Why Baha’is fast

By Anita Cleven and Venustiano Olguín

On March 14, a group of Baha’is gathered at the Beaverton Baha’i Center, for a special community dinner to celebrate the fact that they were past the mid-point of the Baha’i 19-Day Fast. The Fast, which takes place from March 2 through March 20, consists of completely abstaining from food and drink (including water) from sunrise to sunset. The goal of the Fast is for participants to spiritually refresh and reinvigorate their spiritual lives. In doing so, they recommit themselves to doing their part to unite humanity and create a new world based on peace and justice, as was taught by Bahá’u’lláh, Founder of the Baha’i Faith.

During a delicious potluck dinner, we asked several of the guests, whose ages ranged from teens to fifties, to share with us how they were feeling about the Fast. According to Luz V., a former Catholic, “the Fast strengthens my soul.” She said that when she gets hungry and thirsty, she thinks of the homeless who experience hunger and the prophets who fasted for 40 days. What has really helped her is reading a lot of the Baha’i writings, which have strengthened her and enlightened her spiritually. Oscar E. agreed, saying that the fasting time allows him to “meditate more easily.”

Daniela A. enthusiastically described the Fast as the “season of detachment helping us to let go of the old year as we usher in Naw Ruz, the Baha’i New Year, that coincides with the coming of spring.” She explained that “this fasting season is a time of detachment from all yearnings of the material world as we also prepare for Ridván, the 12-day Festival in April commemorating the declaration of Baha’u’llah as the new Manifestation of God for this age. This discipline helps us to cleanse the body. Through prayer and meditation we learn to clear our minds, which in turn can bring about great healing as we strengthen ourselves both physically and spiritually.”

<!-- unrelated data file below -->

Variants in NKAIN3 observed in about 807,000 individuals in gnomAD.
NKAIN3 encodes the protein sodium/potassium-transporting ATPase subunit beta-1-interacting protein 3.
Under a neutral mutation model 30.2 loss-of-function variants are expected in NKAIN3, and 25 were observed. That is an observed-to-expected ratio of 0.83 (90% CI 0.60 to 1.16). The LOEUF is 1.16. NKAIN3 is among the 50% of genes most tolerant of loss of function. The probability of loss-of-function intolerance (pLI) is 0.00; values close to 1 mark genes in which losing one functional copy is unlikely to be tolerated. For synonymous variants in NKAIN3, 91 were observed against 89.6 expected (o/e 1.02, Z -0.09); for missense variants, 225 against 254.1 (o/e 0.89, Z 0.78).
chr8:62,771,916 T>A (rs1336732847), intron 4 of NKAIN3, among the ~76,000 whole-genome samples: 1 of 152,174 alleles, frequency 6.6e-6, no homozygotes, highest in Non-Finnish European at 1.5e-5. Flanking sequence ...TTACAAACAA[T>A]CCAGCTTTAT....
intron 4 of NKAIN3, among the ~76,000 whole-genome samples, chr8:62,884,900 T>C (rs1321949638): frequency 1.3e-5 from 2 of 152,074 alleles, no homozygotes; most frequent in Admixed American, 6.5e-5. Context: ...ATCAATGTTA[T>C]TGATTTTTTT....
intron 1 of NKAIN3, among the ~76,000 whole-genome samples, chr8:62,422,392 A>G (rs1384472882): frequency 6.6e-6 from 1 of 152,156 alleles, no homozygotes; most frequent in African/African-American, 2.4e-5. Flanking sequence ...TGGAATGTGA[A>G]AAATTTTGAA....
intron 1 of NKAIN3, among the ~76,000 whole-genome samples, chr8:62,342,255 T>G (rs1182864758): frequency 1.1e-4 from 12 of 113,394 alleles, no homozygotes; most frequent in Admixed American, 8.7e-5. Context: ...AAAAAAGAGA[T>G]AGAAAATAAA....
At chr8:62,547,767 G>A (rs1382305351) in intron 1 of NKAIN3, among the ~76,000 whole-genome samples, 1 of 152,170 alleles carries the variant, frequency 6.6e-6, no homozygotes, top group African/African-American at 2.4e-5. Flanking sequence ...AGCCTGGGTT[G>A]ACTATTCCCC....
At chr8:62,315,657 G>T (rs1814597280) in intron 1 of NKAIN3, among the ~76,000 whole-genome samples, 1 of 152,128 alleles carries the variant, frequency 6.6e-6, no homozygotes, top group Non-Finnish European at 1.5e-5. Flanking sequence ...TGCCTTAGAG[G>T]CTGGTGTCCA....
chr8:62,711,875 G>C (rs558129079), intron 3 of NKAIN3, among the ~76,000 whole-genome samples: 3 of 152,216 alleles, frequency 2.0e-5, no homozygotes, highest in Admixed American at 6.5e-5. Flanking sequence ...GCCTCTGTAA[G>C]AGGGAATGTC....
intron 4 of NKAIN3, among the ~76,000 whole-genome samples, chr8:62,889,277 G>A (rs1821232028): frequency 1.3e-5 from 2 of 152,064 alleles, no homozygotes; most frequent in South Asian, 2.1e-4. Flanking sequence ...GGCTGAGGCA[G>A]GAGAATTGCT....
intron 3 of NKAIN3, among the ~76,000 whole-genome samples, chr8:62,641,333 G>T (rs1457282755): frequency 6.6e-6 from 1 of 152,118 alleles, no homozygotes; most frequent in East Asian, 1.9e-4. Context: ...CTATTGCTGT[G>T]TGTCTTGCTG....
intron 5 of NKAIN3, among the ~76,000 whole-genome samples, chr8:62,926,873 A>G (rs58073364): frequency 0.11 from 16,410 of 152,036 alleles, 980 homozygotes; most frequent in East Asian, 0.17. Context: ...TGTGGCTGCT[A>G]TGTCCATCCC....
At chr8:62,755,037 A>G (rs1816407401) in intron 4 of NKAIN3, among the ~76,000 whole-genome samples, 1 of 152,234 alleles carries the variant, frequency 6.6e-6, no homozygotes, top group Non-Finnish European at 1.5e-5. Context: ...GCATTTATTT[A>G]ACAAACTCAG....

For Selena A., who is away at her first year of college, the Fast poses a lot of challenges, since there are fewer Baha’is around. “Observing the Fast,” she said, “is a sacrifice for what I believe in and brings me closer to other Baha’is.” She added, “The Fast makes you grateful and appreciate being able to have food available.”

Esme A., who is almost finished with high school, declared that the “Fast is a matter of mind over matter and no one can affect the outcome except oneself.” She keeps in mind that “other people do without enough food every single day.”

Shelly E. affirmed that she fasts out of a spirit of obedience to the bidding of Baha’u’llah, who initiated the Fast as part of establishing the Baha’i Faith. “The Fast advances my capacity for obedience.” She also stated, “Since Baha’is fast around the world, the Fast is a unifying force, a building block of the New World Order. For there will be no New World Order without obeying God’s Word.” And as a mother, Shelly wants to set a good example for her children, so that they will grow up really wanting to participate in the emerging Divine Institutions.

Listening to these dedicated Baha’is was heartening as they reflected a commitment infused with the spirit of those dedicated to the teachings of Baha’u’llah.

“O God! As I am fasting from the appetites of the body and not occupied with eating and drinking, even so purify and make holy my heart and my life from aught else save Thy Love, and protect and preserve my soul from self-passions… Thus may the spirit associate with the Fragrances of Holiness and fast from everything else save Thy mention.”
—Abdu’l-Bahá, Star of the West, vol. 3, p. 305.

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